Shannon Selin was born and raised in the small town of Biggar, Saskatchewan (“New York is big, but this is Biggar”). Her father was a history teacher, so she grew up immersed in history books and spent her holidays tramping around battlefields, graveyards and museums. Her early obsessions included Vikings, the Tudors and the Statue of Liberty.
Shannon always knew she would write novels, but the need to make a living and raise a family came first. She worked at jobs that involved a lot of non-fiction writing, including university research, technical writing and working for government, namely Canada’s Department of Foreign Affairs and British Columbia’s Ministry of Health. She has published many articles, book chapters and monographs in the fields of international security and health care.
Realizing that she needed to do what she always wanted to do, Shannon now writes historical fiction full time. Her short stories have appeared in The Copperfield Review and CommuterLit.com, and she is a contributor to Military History Now. Her novel Napoleon in America, which imagines what might have happened if Napoleon Bonaparte escaped from St. Helena and wound up in the United States in 1821, was published in 2014. Shannon is working on the sequel, Napoleon in Texas.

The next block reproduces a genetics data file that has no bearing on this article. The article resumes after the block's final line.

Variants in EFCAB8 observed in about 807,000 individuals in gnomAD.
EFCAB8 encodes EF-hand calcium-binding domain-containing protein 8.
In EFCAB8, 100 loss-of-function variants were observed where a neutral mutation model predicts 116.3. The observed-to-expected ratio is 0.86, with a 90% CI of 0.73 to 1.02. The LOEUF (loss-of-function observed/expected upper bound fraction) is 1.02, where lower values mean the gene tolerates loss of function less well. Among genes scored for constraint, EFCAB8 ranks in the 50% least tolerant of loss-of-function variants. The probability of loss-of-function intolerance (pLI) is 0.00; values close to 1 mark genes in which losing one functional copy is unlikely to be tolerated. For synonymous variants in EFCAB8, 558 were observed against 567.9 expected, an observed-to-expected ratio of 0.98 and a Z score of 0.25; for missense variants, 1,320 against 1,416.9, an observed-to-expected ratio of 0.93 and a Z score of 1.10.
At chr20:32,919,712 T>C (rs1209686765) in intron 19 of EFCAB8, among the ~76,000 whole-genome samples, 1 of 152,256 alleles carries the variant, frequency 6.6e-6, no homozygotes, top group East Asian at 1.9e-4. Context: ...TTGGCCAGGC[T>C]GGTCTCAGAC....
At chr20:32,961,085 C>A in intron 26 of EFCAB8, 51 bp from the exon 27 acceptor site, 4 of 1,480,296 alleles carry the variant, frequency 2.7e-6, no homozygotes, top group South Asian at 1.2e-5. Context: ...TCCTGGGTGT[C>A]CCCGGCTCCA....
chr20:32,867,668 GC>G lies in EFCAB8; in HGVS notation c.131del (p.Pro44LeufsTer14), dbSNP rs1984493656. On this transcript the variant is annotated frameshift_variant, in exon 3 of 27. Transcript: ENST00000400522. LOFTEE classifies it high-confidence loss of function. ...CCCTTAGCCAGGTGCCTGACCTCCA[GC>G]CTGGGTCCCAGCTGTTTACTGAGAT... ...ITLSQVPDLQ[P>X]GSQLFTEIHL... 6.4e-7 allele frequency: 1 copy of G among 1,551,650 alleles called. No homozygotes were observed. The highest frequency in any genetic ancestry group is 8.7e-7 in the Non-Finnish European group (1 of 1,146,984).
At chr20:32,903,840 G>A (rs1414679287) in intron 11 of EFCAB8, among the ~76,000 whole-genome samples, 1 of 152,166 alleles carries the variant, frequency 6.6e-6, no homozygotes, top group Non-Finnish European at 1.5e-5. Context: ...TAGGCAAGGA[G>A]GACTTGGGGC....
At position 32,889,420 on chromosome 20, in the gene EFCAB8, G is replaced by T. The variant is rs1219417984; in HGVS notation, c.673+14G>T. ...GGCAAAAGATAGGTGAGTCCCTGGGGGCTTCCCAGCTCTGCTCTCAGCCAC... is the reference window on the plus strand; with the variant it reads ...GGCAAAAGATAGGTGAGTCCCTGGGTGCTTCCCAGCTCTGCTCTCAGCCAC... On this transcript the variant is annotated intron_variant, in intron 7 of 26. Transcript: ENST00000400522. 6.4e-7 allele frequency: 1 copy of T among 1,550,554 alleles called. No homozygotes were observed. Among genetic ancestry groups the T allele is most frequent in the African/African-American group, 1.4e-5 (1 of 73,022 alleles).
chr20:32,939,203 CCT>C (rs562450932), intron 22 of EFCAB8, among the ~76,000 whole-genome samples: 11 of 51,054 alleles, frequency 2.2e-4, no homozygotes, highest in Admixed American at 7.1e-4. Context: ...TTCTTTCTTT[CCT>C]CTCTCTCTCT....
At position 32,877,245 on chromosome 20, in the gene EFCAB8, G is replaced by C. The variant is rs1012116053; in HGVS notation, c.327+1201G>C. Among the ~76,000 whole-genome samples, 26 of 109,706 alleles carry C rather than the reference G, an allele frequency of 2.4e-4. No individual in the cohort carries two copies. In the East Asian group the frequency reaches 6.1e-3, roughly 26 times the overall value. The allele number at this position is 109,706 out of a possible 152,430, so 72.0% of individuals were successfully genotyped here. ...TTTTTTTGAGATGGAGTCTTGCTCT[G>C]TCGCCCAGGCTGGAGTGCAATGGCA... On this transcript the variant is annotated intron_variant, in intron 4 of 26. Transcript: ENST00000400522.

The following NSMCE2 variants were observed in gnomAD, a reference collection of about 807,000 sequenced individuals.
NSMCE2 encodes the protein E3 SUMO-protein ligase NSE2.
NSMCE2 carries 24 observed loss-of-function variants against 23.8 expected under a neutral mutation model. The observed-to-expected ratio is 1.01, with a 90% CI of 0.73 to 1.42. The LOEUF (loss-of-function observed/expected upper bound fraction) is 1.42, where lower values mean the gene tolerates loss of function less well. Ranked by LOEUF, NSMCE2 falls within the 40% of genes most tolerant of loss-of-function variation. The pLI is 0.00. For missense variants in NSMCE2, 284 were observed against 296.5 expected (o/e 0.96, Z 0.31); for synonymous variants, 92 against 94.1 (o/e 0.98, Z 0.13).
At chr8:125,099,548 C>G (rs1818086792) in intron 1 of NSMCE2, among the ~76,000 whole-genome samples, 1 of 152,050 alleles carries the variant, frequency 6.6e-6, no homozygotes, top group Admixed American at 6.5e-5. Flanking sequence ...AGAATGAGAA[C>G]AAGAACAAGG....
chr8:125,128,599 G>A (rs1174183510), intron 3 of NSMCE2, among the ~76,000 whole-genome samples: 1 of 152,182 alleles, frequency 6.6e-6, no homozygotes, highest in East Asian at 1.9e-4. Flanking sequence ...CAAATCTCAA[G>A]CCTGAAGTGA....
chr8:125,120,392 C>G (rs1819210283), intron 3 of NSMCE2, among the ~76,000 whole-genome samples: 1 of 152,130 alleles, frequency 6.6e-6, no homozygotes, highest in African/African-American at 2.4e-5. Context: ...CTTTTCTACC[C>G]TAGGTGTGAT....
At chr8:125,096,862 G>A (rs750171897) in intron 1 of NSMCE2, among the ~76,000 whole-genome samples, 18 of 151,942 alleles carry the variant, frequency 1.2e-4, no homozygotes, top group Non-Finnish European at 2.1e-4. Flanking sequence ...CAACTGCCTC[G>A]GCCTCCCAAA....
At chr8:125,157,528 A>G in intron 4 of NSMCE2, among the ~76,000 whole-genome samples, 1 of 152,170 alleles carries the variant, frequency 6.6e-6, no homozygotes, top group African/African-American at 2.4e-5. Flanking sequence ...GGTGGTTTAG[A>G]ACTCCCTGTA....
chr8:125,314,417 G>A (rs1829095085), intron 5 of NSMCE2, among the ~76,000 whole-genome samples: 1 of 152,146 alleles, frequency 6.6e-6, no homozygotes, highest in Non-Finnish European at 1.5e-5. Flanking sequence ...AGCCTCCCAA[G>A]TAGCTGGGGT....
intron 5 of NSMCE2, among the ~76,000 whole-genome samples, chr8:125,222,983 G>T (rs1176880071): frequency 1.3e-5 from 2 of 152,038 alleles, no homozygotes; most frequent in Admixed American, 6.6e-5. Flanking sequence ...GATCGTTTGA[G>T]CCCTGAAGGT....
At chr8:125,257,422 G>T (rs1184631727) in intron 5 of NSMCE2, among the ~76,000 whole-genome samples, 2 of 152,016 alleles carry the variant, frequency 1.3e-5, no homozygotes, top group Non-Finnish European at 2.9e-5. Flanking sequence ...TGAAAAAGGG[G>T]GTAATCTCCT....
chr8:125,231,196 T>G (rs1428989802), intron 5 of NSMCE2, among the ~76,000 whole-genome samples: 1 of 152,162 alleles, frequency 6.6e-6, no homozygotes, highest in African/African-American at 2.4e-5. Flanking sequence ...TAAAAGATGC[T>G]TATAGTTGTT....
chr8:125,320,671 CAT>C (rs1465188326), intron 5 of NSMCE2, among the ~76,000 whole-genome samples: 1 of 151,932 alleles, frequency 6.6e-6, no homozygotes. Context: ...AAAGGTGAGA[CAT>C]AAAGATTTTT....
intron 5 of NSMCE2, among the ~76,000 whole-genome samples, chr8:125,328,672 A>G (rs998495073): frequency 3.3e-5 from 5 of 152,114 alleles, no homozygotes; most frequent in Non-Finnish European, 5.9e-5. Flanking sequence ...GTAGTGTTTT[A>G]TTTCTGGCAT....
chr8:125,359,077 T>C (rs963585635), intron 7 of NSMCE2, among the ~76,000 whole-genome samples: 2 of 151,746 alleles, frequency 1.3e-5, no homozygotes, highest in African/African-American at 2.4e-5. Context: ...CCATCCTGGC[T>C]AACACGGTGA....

Shannon has a BA in Political Science from the University of Saskatchewan and an MA in Political Science from the University of British Columbia. She lives in Vancouver, Canada, with her husband and youngest child (her other two children are at university).
Click on the links below to read interviews with Shannon on other websites.
UBC Library – August 30, 2016
Harriet Steel’s blog – January 3, 2016
Random Bits of Fascination – October 25, 2015
Culturally Curious – March 29, 2015
History and Other Thoughts – June 6, 2014
The Maiden’s Court – May 6, 2014
Kerrisdale Playbook – May 3, 2014 (includes photos of the Napoleon in America book launch at Historic Joy Kogawa House in Vancouver)
The Little Reader Library – January 24, 2014
Pebble in the Still Waters – January 19, 2014
Those who receive the most images into their memories have the most lively imaginations.